Even more years pass, and a new detective decides to look over old cases and focuses on the missing kid’s case. He re-interviews the remaining suspects, goes over the road where the boy was supposed to be, and rereads the statements very carefully. And that’s where he spots something that is off. The other pal of the missing kid made a statement that he and his buddy hung out, saw the comet, and then went home ‘straight to bed.’ This struck the detective as an odd statement–no teen ever ‘goes straight to bed’, or more importantly, would use that kind of phrase. He feels it’s the kind of statement one would rehearse if they wanted to make sure they had an alibi. He tracks down the boy’s former friend, and finds him living in the city. He begins by casually chatting with him about his lost friend, and when he notices a nervous reaction pushes on with the pathetic picture of a mother never knowing what happened to her child, the torture she must feel etc. The guy breaks down and admits he and the other best friend, the one who cold bloodedly shot a man, killed and buried the long missing youth. He takes the detective to the area of their clubhouse, explains how it went down, and then leads the police to the spot where the disemboweled body was covered with brush all those years ago. Barely anything is left of the body, but the police totally believe they have the solution.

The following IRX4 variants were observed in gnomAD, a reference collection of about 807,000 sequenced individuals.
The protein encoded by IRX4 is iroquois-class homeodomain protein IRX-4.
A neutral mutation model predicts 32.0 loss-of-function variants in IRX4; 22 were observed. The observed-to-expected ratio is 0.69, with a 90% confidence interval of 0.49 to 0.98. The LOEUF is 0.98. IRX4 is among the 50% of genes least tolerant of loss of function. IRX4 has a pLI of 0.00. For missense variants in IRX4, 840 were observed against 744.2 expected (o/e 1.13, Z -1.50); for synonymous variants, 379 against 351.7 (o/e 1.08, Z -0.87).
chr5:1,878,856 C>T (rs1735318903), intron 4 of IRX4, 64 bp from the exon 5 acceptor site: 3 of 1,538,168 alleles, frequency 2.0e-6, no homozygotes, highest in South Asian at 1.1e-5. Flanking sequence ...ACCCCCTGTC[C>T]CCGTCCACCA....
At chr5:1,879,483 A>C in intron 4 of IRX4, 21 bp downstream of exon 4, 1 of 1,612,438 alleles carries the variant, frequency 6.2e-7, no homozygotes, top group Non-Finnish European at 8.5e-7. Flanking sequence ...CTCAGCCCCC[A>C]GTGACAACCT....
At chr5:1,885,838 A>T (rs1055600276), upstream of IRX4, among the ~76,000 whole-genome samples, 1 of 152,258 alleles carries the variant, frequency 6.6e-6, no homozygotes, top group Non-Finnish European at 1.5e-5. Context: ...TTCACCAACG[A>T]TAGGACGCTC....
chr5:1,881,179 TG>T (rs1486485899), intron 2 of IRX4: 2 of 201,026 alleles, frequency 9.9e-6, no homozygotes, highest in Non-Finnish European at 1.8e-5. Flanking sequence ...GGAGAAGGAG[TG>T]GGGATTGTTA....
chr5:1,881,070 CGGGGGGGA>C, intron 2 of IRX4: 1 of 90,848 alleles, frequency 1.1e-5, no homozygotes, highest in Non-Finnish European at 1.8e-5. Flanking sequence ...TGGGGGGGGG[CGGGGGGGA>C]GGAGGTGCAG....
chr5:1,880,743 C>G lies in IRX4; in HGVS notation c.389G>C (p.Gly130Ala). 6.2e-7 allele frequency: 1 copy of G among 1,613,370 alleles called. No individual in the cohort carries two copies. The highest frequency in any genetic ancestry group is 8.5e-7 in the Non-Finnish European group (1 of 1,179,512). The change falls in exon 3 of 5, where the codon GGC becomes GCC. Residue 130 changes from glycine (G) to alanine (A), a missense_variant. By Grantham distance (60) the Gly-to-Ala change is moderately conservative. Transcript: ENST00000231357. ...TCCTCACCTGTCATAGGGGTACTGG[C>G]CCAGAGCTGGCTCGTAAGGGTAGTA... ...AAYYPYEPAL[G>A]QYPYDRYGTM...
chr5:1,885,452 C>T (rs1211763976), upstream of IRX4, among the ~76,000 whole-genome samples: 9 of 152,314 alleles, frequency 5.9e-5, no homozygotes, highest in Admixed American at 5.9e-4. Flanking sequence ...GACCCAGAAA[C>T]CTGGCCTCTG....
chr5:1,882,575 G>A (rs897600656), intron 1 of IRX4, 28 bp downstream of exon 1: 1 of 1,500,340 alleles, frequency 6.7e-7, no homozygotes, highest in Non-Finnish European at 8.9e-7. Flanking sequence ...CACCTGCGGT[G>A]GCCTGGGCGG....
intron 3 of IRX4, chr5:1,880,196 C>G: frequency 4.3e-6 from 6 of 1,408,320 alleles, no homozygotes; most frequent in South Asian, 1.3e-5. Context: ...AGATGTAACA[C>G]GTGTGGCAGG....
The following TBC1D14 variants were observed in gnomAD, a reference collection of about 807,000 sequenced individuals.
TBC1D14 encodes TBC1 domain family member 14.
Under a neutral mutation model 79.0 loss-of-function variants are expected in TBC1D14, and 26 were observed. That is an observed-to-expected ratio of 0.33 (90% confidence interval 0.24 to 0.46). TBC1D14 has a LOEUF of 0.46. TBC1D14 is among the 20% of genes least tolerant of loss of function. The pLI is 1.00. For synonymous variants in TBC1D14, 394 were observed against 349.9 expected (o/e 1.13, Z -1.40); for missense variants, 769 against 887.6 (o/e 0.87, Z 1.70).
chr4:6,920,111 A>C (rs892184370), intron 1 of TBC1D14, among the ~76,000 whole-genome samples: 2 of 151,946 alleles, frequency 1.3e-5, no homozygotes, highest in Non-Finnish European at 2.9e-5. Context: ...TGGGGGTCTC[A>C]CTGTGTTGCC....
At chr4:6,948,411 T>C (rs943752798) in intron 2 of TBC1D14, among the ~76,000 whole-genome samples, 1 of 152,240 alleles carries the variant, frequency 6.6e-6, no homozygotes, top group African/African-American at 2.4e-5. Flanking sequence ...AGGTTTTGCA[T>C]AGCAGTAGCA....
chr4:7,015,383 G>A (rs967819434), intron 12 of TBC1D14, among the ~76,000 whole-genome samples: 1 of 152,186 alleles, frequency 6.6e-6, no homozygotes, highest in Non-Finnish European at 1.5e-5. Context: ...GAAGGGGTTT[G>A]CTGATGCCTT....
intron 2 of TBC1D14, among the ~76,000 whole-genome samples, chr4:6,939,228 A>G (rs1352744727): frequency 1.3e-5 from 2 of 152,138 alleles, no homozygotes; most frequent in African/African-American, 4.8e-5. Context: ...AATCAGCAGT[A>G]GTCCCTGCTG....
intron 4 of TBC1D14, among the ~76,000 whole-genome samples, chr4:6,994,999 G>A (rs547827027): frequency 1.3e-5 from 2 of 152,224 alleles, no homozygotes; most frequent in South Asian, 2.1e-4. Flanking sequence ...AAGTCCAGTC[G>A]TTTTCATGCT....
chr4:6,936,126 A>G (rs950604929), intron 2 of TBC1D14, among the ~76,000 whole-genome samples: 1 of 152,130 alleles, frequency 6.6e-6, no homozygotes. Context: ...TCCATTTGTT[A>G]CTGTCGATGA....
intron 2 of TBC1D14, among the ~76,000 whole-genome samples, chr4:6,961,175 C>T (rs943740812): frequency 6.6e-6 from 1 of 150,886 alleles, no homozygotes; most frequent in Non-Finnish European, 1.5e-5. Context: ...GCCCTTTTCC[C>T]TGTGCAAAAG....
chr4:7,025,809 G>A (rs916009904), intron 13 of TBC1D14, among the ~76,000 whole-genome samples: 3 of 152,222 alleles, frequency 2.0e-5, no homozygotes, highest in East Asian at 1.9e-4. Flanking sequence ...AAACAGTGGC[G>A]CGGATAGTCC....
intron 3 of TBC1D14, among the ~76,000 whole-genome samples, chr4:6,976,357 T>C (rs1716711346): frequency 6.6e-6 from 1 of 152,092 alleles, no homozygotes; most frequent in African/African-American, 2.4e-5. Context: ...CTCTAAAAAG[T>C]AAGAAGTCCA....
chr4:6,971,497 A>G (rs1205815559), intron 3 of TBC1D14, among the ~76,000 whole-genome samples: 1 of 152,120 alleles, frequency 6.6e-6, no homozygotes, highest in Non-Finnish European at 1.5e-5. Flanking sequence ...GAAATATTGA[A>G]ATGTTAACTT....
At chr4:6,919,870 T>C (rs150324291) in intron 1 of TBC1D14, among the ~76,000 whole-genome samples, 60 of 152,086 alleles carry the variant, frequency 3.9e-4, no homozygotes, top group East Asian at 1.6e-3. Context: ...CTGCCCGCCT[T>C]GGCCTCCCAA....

So, why? Why would two best friends from childhood brutally kill the third? They planned it. They decided to pay back the kid for taking a small bag of pot from one of them–that’s it–a small bag of pot–for that they bludgeoned their best friend to death and then weeped with the family and spent years knowing what they had done.
An FBI agent has horrific heart disease and needs a transplant. Which, luckily, he gets. He’s taking it easy when a friend’s sister is shot in the head and her heart is transplanted into anothers. A tragedy, but it happens. But not multiple times over a short span of time–and not when the people who are taken out, still have viable beating hearts that are transplanted into those who are sick. And not when after investigation, it turns out that the list of people needing heart transplants is going down quickly, due to so many surprisingly finding matches. As a recipient himself, he feels especially close to this investigation, realizing that the motive of the killer is to reach a specific person in need of a transplant on the list–something that may not have happened in time for the sick individual.